The UK Environment Agency’s “Trommel fines: Chemical Analysis and Waste Classification” report conducted in 2020, found that a high proportion of trommel fines sampled as part of a national campaign were misclassified as non-hazardous, of which 54% contained concentrations of hydrocarbons and benzopyrene and over 60% of the samples exceeded the LOI limit.
As each C&D recycling centre generates thousands of tonnes of trommel fines, it became clear that an alternative solution was required as landfill sites would have no option other than to refuse the high-rate fines or risk penalties. Landfill operators are responsible for all materials that are disposed of in their facility and, if a material is accepted, misclassified as lower rate and charged accordingly, they will have to pay the difference. Therefore, compliance is strict.
Without a solution for fines, there is an existential risk to C&D recycling centres business models.
The inherent nature of trommel fines meant that developing a solution to process them has only been possible due to the continual refinement of our technologies, processes and lessons learnt in our existing waste recycling plants.
Working with pioneering customers, we have developed dedicated trommel fines wet processing plants which now take this material through multiple stages from start to finish. This includes feed systems to manage this type of tricky material, eddy current separators for the removal of ferrous and non-ferrous metals, density separation for the removal of light weights, including polystyrene, and organics, high attrition scrubbing to remove contaminants, sizing, sludge filtration and water recycling.
Operators are now extracting the valuable sands and aggregates from trommel fines, diverting 80% to 95% from landfill and producing saleable construction products. This process converts a financial burden to the operator into a revenue stream, producing quality products that are sold into their local circular economy.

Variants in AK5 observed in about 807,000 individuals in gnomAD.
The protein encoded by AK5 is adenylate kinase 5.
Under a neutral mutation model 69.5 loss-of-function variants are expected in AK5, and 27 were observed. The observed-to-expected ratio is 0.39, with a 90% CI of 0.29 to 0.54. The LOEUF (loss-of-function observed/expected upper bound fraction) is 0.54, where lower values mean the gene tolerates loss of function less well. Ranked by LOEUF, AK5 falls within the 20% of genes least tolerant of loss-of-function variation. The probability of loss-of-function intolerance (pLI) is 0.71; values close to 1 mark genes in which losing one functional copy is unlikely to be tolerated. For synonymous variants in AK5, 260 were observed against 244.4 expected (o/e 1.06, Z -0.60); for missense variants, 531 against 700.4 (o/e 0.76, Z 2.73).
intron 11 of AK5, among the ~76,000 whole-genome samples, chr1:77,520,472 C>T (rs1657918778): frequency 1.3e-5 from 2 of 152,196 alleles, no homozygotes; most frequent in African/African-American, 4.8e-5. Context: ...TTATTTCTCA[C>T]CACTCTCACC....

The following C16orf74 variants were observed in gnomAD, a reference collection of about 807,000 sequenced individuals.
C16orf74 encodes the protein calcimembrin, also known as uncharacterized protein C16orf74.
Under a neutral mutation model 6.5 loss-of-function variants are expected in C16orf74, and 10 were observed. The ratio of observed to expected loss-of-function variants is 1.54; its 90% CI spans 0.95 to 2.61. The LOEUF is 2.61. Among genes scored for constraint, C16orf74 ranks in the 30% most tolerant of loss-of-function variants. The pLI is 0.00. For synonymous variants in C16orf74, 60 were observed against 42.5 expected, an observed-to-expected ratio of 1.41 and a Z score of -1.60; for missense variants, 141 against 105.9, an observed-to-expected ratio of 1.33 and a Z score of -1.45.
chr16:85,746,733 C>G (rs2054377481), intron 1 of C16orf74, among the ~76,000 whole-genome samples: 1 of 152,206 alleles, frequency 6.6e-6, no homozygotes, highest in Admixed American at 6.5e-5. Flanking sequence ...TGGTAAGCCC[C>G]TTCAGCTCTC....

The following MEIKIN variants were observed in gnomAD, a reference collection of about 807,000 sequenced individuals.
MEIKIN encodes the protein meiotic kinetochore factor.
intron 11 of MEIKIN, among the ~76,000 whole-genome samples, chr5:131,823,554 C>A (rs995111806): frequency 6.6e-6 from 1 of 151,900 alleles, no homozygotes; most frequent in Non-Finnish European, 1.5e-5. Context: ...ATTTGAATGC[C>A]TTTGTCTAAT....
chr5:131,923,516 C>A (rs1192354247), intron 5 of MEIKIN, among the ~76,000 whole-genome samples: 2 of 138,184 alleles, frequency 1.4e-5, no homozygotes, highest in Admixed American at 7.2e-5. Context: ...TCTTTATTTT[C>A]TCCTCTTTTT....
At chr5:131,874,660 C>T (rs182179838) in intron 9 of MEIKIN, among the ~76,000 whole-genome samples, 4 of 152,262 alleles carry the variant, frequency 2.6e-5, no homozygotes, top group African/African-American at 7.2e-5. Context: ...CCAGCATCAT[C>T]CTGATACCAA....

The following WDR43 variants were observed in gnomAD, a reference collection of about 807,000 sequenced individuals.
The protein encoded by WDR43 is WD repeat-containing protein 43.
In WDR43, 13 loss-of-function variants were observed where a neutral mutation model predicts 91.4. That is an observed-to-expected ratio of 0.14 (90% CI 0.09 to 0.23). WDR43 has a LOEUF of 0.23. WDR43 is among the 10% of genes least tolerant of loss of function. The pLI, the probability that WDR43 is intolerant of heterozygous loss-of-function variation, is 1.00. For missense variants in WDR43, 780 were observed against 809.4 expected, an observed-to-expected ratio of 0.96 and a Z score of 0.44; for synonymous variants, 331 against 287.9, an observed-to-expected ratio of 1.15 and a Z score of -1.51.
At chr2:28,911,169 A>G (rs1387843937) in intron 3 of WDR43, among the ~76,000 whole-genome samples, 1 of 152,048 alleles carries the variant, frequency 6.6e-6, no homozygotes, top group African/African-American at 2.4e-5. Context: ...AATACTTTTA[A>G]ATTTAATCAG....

Engineered For Zero Waste
The remaining material which cannot be further recycled comes through the process as a concentrated filter cake, saves tens of thousands of pounds in landfill taxes.
As with all our processes, trommel fines recycling will continue to be refined with further innovation. The variable nature of the feed material means operators must proactively manage their process to ensure the output materials pass LOI testing. Some materials such as Gypsum, which is not supposed to be disposed of in skips, still makes its way into the process, and presents a major challenge. Each operator must carefully control their inputs to minimise contaminant intake.
Further development of the processes used to recycle trommel fines have been applied to glass recycling and we look forward to exploring this further in the series.
Ultimately, 100% recycling is the goal of all of us passionate about waste recycling. To achieve sustainable resource management, we need to keep getting better. For every tonne of recycled materials produced from trommel fines and used in the circular economy, we save a tonne of virgin material and progress further towards sustainability.